A bit of a different pick, compared to the others on this list. Ghostland dives into the history of some of the most haunted places in America and explores why we are still drawn to these stories.
Colin Dickey is on the trail of the ghosts of America. Crammed into old houses and hotels, abandoned prisons and empty hospitals, the spirits that linger continue to capture our collective imagination — but why?
Dickey’s own fascination was piqued by a house hunt in Los Angeles that revealed derelict foreclosures and “zombie homes”, leading him to embark on a journey across the continental United States to decode and unpack the American history repressed in the country’s most famous haunted places.
9. The Uninvited: The True Story of the Union Screaming House by Steven LaChance and Laura Long-Helbig
Another one for fans of ghost stories rooted in real life, The Uninvited will give you absolute chills.
Steven LaChance was forever transformed by the paranormal attacks that drove him and his family from their home in Union, Missouri. When another family falls victim to the same dark entity, Steven returns to the dreaded house to offer aid and to try and find healing. Paranormal investigators, psychics, and priests are consulted, but no relief is found.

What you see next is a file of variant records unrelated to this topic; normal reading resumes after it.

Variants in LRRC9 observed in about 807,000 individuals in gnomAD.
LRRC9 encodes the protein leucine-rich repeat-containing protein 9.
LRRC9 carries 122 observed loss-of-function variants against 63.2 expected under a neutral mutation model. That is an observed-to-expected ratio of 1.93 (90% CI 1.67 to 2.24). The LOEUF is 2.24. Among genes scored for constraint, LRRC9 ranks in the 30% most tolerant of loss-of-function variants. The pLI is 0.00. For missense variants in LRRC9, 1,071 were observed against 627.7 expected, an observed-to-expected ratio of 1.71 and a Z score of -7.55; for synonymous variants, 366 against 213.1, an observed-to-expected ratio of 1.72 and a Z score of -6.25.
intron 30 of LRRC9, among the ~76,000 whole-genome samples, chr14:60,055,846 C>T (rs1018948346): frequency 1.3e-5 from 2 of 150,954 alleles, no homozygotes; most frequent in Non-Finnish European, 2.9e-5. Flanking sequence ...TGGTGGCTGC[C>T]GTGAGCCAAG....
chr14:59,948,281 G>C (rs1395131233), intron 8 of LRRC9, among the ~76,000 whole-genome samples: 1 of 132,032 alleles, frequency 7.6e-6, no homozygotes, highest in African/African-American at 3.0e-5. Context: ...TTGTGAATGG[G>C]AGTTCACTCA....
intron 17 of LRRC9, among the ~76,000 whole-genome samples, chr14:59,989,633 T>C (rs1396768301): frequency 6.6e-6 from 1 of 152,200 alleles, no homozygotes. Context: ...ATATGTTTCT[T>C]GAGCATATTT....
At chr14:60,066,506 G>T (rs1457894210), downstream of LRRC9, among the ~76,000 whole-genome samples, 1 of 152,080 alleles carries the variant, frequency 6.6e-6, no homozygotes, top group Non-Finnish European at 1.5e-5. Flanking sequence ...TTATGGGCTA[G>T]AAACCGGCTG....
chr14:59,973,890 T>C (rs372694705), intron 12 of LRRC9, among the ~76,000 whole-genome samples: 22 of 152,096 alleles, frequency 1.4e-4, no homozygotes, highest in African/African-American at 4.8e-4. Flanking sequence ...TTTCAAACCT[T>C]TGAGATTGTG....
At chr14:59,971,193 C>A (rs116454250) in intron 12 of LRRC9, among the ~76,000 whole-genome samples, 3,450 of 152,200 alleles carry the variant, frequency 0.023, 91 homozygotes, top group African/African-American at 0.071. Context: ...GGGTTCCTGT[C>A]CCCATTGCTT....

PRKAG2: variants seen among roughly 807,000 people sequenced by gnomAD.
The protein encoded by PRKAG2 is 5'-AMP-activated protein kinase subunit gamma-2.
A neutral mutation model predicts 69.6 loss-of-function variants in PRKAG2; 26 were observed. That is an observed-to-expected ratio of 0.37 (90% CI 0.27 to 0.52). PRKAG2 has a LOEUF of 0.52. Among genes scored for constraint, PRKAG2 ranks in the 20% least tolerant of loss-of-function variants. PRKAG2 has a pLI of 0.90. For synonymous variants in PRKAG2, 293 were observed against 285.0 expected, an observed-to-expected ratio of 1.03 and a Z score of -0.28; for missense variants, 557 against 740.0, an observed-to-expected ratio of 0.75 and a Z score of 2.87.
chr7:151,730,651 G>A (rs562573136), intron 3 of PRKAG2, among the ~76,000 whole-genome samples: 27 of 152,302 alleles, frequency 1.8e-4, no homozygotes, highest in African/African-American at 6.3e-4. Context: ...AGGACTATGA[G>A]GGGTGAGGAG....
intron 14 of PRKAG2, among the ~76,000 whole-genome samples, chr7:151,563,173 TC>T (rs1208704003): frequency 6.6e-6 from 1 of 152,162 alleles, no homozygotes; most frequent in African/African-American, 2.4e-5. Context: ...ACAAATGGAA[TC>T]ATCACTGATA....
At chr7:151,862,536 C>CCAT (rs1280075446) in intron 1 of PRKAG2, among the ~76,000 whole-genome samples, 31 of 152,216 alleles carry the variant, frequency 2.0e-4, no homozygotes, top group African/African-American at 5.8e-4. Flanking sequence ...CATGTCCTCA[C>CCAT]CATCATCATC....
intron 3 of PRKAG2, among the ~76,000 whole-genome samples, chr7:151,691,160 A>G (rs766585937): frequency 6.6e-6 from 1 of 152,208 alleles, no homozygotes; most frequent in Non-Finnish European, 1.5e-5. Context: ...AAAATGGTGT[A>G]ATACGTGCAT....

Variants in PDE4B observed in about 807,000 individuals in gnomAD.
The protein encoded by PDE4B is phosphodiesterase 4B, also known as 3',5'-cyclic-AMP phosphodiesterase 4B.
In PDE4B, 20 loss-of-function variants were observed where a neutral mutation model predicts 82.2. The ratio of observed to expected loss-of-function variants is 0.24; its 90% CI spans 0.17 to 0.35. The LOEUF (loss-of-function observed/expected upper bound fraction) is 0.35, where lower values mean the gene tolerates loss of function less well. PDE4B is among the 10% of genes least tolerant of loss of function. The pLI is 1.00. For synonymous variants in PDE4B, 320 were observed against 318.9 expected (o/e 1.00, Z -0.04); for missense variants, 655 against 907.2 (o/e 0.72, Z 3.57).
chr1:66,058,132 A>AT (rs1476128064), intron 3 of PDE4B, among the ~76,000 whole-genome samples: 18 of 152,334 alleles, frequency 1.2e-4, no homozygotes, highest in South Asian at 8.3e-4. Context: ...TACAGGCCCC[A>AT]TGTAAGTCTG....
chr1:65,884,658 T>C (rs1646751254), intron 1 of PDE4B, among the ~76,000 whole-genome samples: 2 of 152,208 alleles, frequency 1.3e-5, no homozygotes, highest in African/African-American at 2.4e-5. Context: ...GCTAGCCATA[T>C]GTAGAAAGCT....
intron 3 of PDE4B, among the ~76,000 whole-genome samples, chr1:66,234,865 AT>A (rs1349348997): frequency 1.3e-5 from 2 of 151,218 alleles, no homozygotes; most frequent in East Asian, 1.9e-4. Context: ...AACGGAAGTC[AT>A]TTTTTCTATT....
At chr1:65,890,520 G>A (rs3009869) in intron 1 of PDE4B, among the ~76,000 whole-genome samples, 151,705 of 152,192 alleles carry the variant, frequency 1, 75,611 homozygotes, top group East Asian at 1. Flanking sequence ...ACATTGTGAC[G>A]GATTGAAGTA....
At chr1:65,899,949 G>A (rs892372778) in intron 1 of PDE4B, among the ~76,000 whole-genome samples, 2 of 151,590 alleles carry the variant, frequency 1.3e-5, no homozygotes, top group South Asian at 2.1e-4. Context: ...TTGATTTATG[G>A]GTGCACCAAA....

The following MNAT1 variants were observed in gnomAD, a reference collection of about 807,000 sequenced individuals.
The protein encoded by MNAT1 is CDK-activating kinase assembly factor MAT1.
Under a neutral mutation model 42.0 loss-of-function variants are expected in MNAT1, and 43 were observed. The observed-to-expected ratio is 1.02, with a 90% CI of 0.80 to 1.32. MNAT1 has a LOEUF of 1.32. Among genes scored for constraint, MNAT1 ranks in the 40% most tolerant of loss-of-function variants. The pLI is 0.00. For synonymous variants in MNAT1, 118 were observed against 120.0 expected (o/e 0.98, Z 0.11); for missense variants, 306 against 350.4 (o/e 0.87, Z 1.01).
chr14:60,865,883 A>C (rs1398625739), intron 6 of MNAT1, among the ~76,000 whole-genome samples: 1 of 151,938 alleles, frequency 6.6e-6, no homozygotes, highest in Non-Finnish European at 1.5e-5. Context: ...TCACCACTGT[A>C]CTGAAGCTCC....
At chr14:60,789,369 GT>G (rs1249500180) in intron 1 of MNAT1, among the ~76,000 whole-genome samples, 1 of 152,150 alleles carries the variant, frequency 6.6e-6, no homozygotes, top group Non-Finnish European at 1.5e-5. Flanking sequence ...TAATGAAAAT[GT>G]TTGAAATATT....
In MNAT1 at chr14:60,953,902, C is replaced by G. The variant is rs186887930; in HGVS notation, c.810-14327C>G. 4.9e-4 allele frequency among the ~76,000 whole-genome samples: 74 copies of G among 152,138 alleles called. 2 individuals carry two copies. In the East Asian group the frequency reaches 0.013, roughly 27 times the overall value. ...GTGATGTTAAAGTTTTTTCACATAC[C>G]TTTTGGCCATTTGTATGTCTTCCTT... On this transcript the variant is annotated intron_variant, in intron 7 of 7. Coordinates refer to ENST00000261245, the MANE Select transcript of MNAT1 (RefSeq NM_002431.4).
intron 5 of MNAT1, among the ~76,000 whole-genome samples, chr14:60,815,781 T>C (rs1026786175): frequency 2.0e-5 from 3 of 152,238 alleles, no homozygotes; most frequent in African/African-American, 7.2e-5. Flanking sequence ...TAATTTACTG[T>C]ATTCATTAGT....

The demon’s presence — screams, growls, putrid odours, invisible shoves, bites, and other physical violations — only grow worse. Steven chronicles how this supernatural predator infects those around it. But the one who suffers most is the current homeowner, Helen. And when the entity takes possession and urges Helen toward murder and madness, Steven must engage in a hair-raising battle for her soul.
10. Heart-Shaped Box by Joe Hill
A bone-chilling story about a man who gets more than he bargained for when he purchases a suit belonging to a dead man.
‘Buy my stepfather’s ghost’ read the e-mail — and so, Jude did. He bought it, in the shape of the dead man’s suit, delivered in a heart-shaped box, because he wanted it: because his fans ate up that kind of story. It was perfect for his collection: the genuine skulls and the bones, the real honest-to-God snuff movie, the occult books and all the rest of the paraphernalia that goes along with his kind of hard/goth rock.
But the rest of his collection doesn’t make the house feel cold. The bones don’t make the dogs bark; the movie doesn’t make Jude feel as if he’s being watched. And none of the artefacts bring a vengeful old ghost with black scribbles over his eyes out of the shadows to chase Jude out of his home, and make him run for his life…
The Turn of the Screw tells the story of a a young governess sent to a country house to take charge of two orphans, Miles and Flora. But she soon becomes unsettled by a dark, menacing force within the house — and starts to suspect that something, or someone, is stalking the children in her care.
Is the threat to her young charges really a malign and ghostly presence, or a manifestation of something else entirely?